anchored to [[143.00_anchor]] last exercise of this lab focusing on the transport layer ( 4 ), especially features of TCP and UDP


Both protocols find themselves in the Transport-Layer ( 4 of TCP/IP-model ) and are necessary to send application data across networks - encapsulating the payload of all layers above within its Payload. Both are "going two ways" while TCP is reliable, connection oriented and comes with features like flow / congestion control, error correction and some additional ones.

On the other hand UDP is the unreliable counterpart which primarily allows transmission of large - time sensitive - packets that can be lost on the way - so no connection-oriented system - without any large setup making it easy to send data fast with the risk of losing packets and such. Some trick to make this reliable again would be to simply incorporate mechanisms to check the data within the udp-packet and establish a routine to resend packets and such --> done by QUIC for example

UDP - User Datagram Protocol

Definition to be found at RFC 768

[!Definition] Definition by RFC

This User Datagram Protocol (UDP) is defined to make available a datagram mode of packet-switched computer communication in the environment of an interconnected set of computer networks.

This protocol assumes that the Internet Protocol (IP) 1 is used as the underlying protocol.

This protocol provides a procedure for application programs to send messages to other programs with a minimum of protocol mechanism. The protocol is transaction oriented, and delivery and duplicate protection are not guaranteed. Applications requiring ordered reliable delivery of streams of data should use the Transmission Control Protocol (TCP) 2.

Structure of UDP Packets

Below is the rough overview of the usual UDP-packet. The most important parts that define the whole header are

  • Source-Port ( port used by the sending instance ) ( its optional!)
  • Destination-Port ( port used at receiving end )
  • Length - length of the appended datagram - of this packet
  • Checksum to possibly detect error of the header ( not used to provide any sort of error correction!) There are more information to be found at the linked RFC above but those are the most prominent aspects.

[!Tip] What we can observe here what is making UDP special/different to TCP? #card In its structure UDP is really barebone with close to now features to enable / allow for error correction or similar Because its so small this packet is great for sending large information fast with the caveet of no reliable transport ( no guarantee of any arrival nor the correct information sent) --> Hence it cannot be used to simply send large packets around like files --> it would be awful due to all the possible transmission errors, missing packets ( invalid fragments) etc.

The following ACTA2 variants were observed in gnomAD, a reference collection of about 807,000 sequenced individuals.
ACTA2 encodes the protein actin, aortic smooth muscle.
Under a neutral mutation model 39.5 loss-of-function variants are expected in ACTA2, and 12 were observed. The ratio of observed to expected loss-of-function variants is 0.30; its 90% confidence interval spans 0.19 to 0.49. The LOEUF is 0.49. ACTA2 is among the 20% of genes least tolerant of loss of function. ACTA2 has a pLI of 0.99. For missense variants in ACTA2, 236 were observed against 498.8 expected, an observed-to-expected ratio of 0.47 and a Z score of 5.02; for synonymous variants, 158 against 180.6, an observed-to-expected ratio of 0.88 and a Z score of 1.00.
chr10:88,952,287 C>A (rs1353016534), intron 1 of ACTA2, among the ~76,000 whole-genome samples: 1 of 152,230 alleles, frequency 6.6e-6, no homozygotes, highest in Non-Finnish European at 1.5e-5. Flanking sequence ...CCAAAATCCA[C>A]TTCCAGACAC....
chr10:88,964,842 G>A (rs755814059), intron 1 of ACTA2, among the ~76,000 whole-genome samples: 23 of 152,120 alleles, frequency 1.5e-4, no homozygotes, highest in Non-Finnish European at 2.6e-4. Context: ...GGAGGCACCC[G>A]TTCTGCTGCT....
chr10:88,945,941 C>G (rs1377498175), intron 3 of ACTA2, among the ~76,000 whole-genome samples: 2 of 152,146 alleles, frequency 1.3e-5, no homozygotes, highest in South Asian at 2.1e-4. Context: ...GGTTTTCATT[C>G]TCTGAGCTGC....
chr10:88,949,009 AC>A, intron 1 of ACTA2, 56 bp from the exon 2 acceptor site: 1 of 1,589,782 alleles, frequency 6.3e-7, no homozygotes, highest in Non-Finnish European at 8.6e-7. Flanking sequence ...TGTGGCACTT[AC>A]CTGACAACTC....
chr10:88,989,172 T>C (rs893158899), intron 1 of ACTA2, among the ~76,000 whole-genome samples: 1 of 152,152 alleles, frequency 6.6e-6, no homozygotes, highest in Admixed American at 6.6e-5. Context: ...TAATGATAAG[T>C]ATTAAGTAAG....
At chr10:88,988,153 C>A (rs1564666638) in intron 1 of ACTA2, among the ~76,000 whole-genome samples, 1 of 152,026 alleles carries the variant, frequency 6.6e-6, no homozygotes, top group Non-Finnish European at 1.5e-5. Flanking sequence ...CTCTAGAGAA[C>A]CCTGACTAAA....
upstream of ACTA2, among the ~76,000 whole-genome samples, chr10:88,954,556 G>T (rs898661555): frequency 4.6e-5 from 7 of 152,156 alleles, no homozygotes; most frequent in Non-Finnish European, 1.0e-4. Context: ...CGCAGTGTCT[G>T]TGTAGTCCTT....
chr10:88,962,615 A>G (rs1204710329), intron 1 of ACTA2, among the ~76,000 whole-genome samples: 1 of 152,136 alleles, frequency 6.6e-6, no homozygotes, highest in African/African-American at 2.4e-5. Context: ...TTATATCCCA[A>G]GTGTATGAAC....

However because this is not using any connection-oriented principle its fast to send out data without having to establish the means to communicate reliable. --> VoIP / Video-Streams ( or DNS with small queries and time sensitive operations) make up some good examples for the usage of UDP ( or QUIC by Google )

[!Warning] UDP is not caring about fair transmission Meaning that UDP is not using any form of Fairness control to establish a certain fairness between other participants sending data over one connection. --> TCP on the other hand tries to care about this by regulating its transmission amount based on implicit feedback by the network ( latency / congestion and such )

UDP is just blasting without caring much!

  0      7 8     15 16    23 24    31
 |     Source      |   Destination   |
 |      Port       |      Port       |
 |                 |                 |
 |     Length      |    Checksum     |
 |          data octets ...
 +---------------- ...

	  User Datagram Header Format

[!Information] Size of UDP-packets whats the allowed size of a udp packet? what makes up the header-size? #card ( I was a little stupid figuring this out, this message / answer gave some good information too, otherwise just take a look at the corresponding RFC! ) link to stackoverflow

The header is defined with 8bytes. Within 2 bytes are allocated for the size of the udp-packet Hence we can have payload of size: $2^{16-1}$ Bytes

Limits of UDP

We may as well cover certain limitations of UDP packets ( some were mentioned previously already). what are possible limitations of UDP? #card

As mentioned previously we don't have much of an option to correct errors in transmission. Furthermore we also lack the ability to trace / find out whether a packet was lost or not --> we are not keeping track of segments and whether they arrived or not! -> reordering segment also remains undetected here Theres the possible risk of overflowing the receiver by sending them too much information and thus killing their Buffer

The total size of the UDP-Segments depends on the Ip-packet that UDP is encapsulated in.

Benefits of UDP

We may as well discuss have a short summary of possible benefits with UDP which can we denote? #card

  • we can detect transmission errors --> the checksum! ( although not being able to resolve them without help by the user application)
  • Theres no setup/ management of connections hence we don't have to maintain this state for both sender and receiver